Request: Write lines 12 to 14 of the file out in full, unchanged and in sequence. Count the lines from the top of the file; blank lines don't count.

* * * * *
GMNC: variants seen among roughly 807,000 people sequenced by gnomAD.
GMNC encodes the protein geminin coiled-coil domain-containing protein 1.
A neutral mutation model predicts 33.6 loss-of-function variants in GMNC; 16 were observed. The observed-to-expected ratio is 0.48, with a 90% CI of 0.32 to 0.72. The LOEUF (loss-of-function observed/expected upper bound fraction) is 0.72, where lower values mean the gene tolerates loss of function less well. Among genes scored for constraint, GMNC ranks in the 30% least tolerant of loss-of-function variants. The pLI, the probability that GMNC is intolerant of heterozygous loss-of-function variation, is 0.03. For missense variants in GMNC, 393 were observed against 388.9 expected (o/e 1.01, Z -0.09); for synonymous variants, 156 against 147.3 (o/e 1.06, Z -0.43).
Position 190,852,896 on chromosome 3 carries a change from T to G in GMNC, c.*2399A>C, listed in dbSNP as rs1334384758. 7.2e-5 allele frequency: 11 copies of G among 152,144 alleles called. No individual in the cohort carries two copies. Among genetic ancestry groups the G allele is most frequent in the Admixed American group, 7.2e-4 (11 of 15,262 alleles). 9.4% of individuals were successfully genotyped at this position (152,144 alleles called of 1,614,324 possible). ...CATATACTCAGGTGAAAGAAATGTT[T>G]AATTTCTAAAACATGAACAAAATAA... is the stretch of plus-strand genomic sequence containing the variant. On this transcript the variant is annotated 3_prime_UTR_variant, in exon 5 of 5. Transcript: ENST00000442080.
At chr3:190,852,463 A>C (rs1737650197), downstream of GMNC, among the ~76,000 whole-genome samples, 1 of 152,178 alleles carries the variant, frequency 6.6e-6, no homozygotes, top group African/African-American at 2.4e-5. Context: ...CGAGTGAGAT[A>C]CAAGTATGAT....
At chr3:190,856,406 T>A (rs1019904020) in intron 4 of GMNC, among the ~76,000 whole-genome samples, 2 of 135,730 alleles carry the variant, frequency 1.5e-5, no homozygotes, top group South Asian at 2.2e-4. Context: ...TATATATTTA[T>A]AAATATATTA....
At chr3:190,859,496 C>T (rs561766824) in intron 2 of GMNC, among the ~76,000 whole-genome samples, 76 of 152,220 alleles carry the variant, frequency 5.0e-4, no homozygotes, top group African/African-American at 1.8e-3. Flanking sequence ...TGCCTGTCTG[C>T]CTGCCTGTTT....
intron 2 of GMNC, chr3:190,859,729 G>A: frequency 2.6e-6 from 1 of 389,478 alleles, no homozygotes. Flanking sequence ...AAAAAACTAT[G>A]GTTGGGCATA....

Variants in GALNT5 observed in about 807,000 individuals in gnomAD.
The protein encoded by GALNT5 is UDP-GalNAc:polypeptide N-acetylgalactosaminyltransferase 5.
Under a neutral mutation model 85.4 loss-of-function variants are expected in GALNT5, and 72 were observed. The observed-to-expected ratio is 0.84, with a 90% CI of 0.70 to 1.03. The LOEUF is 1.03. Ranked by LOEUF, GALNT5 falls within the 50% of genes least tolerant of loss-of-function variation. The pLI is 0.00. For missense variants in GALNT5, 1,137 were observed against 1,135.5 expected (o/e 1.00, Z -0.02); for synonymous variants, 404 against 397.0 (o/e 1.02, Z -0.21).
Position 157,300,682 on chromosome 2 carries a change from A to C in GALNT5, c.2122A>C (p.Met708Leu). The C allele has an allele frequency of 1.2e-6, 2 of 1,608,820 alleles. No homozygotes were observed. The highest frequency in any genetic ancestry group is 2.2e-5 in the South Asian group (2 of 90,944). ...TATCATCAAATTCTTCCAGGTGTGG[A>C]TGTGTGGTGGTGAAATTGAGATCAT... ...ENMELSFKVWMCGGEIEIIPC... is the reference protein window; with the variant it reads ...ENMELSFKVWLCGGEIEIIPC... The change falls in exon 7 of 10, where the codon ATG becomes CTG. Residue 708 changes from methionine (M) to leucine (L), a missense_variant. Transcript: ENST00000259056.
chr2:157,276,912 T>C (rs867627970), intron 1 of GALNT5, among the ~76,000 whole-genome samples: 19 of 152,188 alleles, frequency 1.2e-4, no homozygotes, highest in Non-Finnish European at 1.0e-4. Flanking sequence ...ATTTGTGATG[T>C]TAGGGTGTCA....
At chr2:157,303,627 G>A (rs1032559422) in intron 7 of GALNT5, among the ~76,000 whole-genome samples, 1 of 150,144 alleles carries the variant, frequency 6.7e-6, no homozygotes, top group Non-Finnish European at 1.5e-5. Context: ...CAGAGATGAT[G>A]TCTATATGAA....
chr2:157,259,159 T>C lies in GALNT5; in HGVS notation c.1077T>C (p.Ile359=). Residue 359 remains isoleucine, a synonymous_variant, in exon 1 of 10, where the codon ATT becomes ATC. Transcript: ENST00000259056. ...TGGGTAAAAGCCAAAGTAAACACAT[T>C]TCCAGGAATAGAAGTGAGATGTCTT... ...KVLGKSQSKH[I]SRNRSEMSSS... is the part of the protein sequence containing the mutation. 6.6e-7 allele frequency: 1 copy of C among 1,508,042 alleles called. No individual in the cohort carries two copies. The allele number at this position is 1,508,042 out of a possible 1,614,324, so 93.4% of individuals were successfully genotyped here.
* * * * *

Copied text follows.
Position 157,300,682 on chromosome 2 carries a change from A to C in GALNT5, c.2122A>C (p.Met708Leu). The C allele has an allele frequency of 1.2e-6, 2 of 1,608,820 alleles. No homozygotes were observed. The highest frequency in any genetic ancestry group is 2.2e-5 in the South Asian group (2 of 90,944). ...TATCATCAAATTCTTCCAGGTGTGG[A>C]TGTGTGGTGGTGAAATTGAGATCAT... ...ENMELSFKVWMCGGEIEIIPC... is the reference protein window; with the variant it reads ...ENMELSFKVWLCGGEIEIIPC... The change falls in exon 7 of 10, where the codon ATG becomes CTG. Residue 708 changes from methionine (M) to leucine (L), a missense_variant. Transcript: ENST00000259056.
chr2:157,276,912 T>C (rs867627970), intron 1 of GALNT5, among the ~76,000 whole-genome samples: 19 of 152,188 alleles, frequency 1.2e-4, no homozygotes, highest in Non-Finnish European at 1.0e-4. Flanking sequence ...ATTTGTGATG[T>C]TAGGGTGTCA....
At chr2:157,303,627 G>A (rs1032559422) in intron 7 of GALNT5, among the ~76,000 whole-genome samples, 1 of 150,144 alleles carries the variant, frequency 6.7e-6, no homozygotes, top group Non-Finnish European at 1.5e-5. Context: ...CAGAGATGAT[G>A]TCTATATGAA....